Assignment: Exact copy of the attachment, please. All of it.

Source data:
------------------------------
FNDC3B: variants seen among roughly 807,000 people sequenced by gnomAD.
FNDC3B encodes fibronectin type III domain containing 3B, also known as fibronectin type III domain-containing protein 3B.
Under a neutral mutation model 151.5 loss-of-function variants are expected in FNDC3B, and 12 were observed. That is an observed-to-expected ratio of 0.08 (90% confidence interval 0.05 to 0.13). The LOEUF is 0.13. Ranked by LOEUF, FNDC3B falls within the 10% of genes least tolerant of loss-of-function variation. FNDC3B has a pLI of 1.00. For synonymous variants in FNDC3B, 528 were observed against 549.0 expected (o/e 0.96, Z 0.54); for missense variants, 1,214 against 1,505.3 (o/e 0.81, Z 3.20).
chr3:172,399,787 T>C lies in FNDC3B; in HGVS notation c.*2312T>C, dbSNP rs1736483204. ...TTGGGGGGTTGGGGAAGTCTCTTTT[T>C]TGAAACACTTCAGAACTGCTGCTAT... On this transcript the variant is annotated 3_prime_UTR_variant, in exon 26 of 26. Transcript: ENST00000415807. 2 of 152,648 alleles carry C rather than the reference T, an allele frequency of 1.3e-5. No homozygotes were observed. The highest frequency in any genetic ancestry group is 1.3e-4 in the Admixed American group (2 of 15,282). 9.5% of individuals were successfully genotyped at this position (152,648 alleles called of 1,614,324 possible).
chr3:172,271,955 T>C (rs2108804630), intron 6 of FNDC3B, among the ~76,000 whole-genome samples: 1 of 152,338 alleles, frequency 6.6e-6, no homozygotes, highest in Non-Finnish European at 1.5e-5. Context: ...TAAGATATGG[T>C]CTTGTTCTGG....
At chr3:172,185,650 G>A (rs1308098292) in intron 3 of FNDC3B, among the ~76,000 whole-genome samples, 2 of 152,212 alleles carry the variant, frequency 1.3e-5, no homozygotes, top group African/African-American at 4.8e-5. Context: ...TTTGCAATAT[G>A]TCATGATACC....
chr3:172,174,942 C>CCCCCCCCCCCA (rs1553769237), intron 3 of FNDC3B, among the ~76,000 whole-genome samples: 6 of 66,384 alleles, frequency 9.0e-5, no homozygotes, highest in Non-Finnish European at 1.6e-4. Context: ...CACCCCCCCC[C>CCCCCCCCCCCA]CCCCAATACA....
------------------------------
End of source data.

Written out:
FNDC3B: variants seen among roughly 807,000 people sequenced by gnomAD.
FNDC3B encodes fibronectin type III domain containing 3B, also known as fibronectin type III domain-containing protein 3B.
Under a neutral mutation model 151.5 loss-of-function variants are expected in FNDC3B, and 12 were observed. That is an observed-to-expected ratio of 0.08 (90% confidence interval 0.05 to 0.13). The LOEUF is 0.13. Ranked by LOEUF, FNDC3B falls within the 10% of genes least tolerant of loss-of-function variation. FNDC3B has a pLI of 1.00. For synonymous variants in FNDC3B, 528 were observed against 549.0 expected (o/e 0.96, Z 0.54); for missense variants, 1,214 against 1,505.3 (o/e 0.81, Z 3.20).
chr3:172,399,787 T>C lies in FNDC3B; in HGVS notation c.*2312T>C, dbSNP rs1736483204. ...TTGGGGGGTTGGGGAAGTCTCTTTT[T>C]TGAAACACTTCAGAACTGCTGCTAT... On this transcript the variant is annotated 3_prime_UTR_variant, in exon 26 of 26. Transcript: ENST00000415807. 2 of 152,648 alleles carry C rather than the reference T, an allele frequency of 1.3e-5. No homozygotes were observed. The highest frequency in any genetic ancestry group is 1.3e-4 in the Admixed American group (2 of 15,282). 9.5% of individuals were successfully genotyped at this position (152,648 alleles called of 1,614,324 possible).
chr3:172,271,955 T>C (rs2108804630), intron 6 of FNDC3B, among the ~76,000 whole-genome samples: 1 of 152,338 alleles, frequency 6.6e-6, no homozygotes, highest in Non-Finnish European at 1.5e-5. Context: ...TAAGATATGG[T>C]CTTGTTCTGG....
At chr3:172,185,650 G>A (rs1308098292) in intron 3 of FNDC3B, among the ~76,000 whole-genome samples, 2 of 152,212 alleles carry the variant, frequency 1.3e-5, no homozygotes, top group African/African-American at 4.8e-5. Context: ...TTTGCAATAT[G>A]TCATGATACC....
chr3:172,174,942 C>CCCCCCCCCCCA (rs1553769237), intron 3 of FNDC3B, among the ~76,000 whole-genome samples: 6 of 66,384 alleles, frequency 9.0e-5, no homozygotes, highest in Non-Finnish European at 1.6e-4. Context: ...CACCCCCCCC[C>CCCCCCCCCCCA]CCCCAATACA....